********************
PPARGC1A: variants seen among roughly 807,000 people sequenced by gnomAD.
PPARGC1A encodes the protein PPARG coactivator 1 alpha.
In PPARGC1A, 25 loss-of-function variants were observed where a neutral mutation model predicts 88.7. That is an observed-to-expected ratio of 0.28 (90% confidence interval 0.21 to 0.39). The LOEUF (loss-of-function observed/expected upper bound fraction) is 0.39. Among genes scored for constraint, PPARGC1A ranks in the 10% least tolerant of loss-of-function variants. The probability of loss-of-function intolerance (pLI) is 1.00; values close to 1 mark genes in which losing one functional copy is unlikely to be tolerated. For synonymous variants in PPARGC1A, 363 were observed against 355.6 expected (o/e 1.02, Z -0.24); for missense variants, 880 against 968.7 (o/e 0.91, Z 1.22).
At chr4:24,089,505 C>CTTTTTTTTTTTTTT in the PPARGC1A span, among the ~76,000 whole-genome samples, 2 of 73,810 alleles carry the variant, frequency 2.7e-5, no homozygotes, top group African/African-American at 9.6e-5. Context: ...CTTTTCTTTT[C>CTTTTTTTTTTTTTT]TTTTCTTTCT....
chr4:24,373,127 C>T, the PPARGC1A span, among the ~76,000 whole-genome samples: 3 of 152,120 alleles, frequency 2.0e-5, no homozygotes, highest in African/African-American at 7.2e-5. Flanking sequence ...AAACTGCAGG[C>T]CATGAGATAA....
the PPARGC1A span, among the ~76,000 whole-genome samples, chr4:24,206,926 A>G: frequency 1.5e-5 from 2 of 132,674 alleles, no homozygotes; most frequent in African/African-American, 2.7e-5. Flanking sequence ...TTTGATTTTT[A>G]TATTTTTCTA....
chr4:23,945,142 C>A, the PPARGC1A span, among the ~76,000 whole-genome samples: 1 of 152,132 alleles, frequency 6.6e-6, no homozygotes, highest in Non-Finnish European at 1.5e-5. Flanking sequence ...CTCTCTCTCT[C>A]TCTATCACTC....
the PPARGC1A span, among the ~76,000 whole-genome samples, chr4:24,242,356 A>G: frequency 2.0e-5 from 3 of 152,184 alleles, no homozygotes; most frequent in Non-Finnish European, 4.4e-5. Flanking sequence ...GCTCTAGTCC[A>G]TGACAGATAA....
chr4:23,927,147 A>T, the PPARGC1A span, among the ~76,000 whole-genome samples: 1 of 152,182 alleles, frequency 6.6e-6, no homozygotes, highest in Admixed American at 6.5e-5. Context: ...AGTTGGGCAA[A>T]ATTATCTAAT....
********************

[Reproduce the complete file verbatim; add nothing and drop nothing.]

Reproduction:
PPARGC1A: variants seen among roughly 807,000 people sequenced by gnomAD.
PPARGC1A encodes the protein PPARG coactivator 1 alpha.
In PPARGC1A, 25 loss-of-function variants were observed where a neutral mutation model predicts 88.7. That is an observed-to-expected ratio of 0.28 (90% confidence interval 0.21 to 0.39). The LOEUF (loss-of-function observed/expected upper bound fraction) is 0.39. Among genes scored for constraint, PPARGC1A ranks in the 10% least tolerant of loss-of-function variants. The probability of loss-of-function intolerance (pLI) is 1.00; values close to 1 mark genes in which losing one functional copy is unlikely to be tolerated. For synonymous variants in PPARGC1A, 363 were observed against 355.6 expected (o/e 1.02, Z -0.24); for missense variants, 880 against 968.7 (o/e 0.91, Z 1.22).
At chr4:24,089,505 C>CTTTTTTTTTTTTTT in the PPARGC1A span, among the ~76,000 whole-genome samples, 2 of 73,810 alleles carry the variant, frequency 2.7e-5, no homozygotes, top group African/African-American at 9.6e-5. Context: ...CTTTTCTTTT[C>CTTTTTTTTTTTTTT]TTTTCTTTCT....
chr4:24,373,127 C>T, the PPARGC1A span, among the ~76,000 whole-genome samples: 3 of 152,120 alleles, frequency 2.0e-5, no homozygotes, highest in African/African-American at 7.2e-5. Flanking sequence ...AAACTGCAGG[C>T]CATGAGATAA....
the PPARGC1A span, among the ~76,000 whole-genome samples, chr4:24,206,926 A>G: frequency 1.5e-5 from 2 of 132,674 alleles, no homozygotes; most frequent in African/African-American, 2.7e-5. Flanking sequence ...TTTGATTTTT[A>G]TATTTTTCTA....
chr4:23,945,142 C>A, the PPARGC1A span, among the ~76,000 whole-genome samples: 1 of 152,132 alleles, frequency 6.6e-6, no homozygotes, highest in Non-Finnish European at 1.5e-5. Flanking sequence ...CTCTCTCTCT[C>A]TCTATCACTC....
the PPARGC1A span, among the ~76,000 whole-genome samples, chr4:24,242,356 A>G: frequency 2.0e-5 from 3 of 152,184 alleles, no homozygotes; most frequent in Non-Finnish European, 4.4e-5. Flanking sequence ...GCTCTAGTCC[A>G]TGACAGATAA....
chr4:23,927,147 A>T, the PPARGC1A span, among the ~76,000 whole-genome samples: 1 of 152,182 alleles, frequency 6.6e-6, no homozygotes, highest in Admixed American at 6.5e-5. Context: ...AGTTGGGCAA[A>T]ATTATCTAAT....